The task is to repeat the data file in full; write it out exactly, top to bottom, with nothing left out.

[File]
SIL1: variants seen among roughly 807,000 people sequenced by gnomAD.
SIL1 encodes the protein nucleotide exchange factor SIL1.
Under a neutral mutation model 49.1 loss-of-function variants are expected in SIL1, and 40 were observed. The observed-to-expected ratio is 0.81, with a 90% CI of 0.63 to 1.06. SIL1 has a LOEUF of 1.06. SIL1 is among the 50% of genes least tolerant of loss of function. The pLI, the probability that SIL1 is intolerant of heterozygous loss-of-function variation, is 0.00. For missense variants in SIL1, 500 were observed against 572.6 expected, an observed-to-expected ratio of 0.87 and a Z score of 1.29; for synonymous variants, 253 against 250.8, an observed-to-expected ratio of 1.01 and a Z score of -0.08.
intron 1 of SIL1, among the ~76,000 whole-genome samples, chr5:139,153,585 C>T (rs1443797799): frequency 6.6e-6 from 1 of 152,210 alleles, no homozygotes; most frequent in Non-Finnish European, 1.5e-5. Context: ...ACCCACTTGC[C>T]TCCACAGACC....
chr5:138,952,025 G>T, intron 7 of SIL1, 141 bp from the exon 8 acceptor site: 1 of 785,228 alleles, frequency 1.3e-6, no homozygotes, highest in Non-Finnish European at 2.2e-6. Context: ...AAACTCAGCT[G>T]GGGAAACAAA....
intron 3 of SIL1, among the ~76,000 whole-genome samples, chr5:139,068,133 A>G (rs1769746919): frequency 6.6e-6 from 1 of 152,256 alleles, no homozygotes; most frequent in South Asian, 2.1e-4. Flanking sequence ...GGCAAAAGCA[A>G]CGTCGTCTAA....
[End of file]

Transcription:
SIL1: variants seen among roughly 807,000 people sequenced by gnomAD.
SIL1 encodes the protein nucleotide exchange factor SIL1.
Under a neutral mutation model 49.1 loss-of-function variants are expected in SIL1, and 40 were observed. The observed-to-expected ratio is 0.81, with a 90% CI of 0.63 to 1.06. SIL1 has a LOEUF of 1.06. SIL1 is among the 50% of genes least tolerant of loss of function. The pLI, the probability that SIL1 is intolerant of heterozygous loss-of-function variation, is 0.00. For missense variants in SIL1, 500 were observed against 572.6 expected, an observed-to-expected ratio of 0.87 and a Z score of 1.29; for synonymous variants, 253 against 250.8, an observed-to-expected ratio of 1.01 and a Z score of -0.08.
intron 1 of SIL1, among the ~76,000 whole-genome samples, chr5:139,153,585 C>T (rs1443797799): frequency 6.6e-6 from 1 of 152,210 alleles, no homozygotes; most frequent in Non-Finnish European, 1.5e-5. Context: ...ACCCACTTGC[C>T]TCCACAGACC....
chr5:138,952,025 G>T, intron 7 of SIL1, 141 bp from the exon 8 acceptor site: 1 of 785,228 alleles, frequency 1.3e-6, no homozygotes, highest in Non-Finnish European at 2.2e-6. Context: ...AAACTCAGCT[G>T]GGGAAACAAA....
intron 3 of SIL1, among the ~76,000 whole-genome samples, chr5:139,068,133 A>G (rs1769746919): frequency 6.6e-6 from 1 of 152,256 alleles, no homozygotes; most frequent in South Asian, 2.1e-4. Flanking sequence ...GGCAAAAGCA[A>G]CGTCGTCTAA....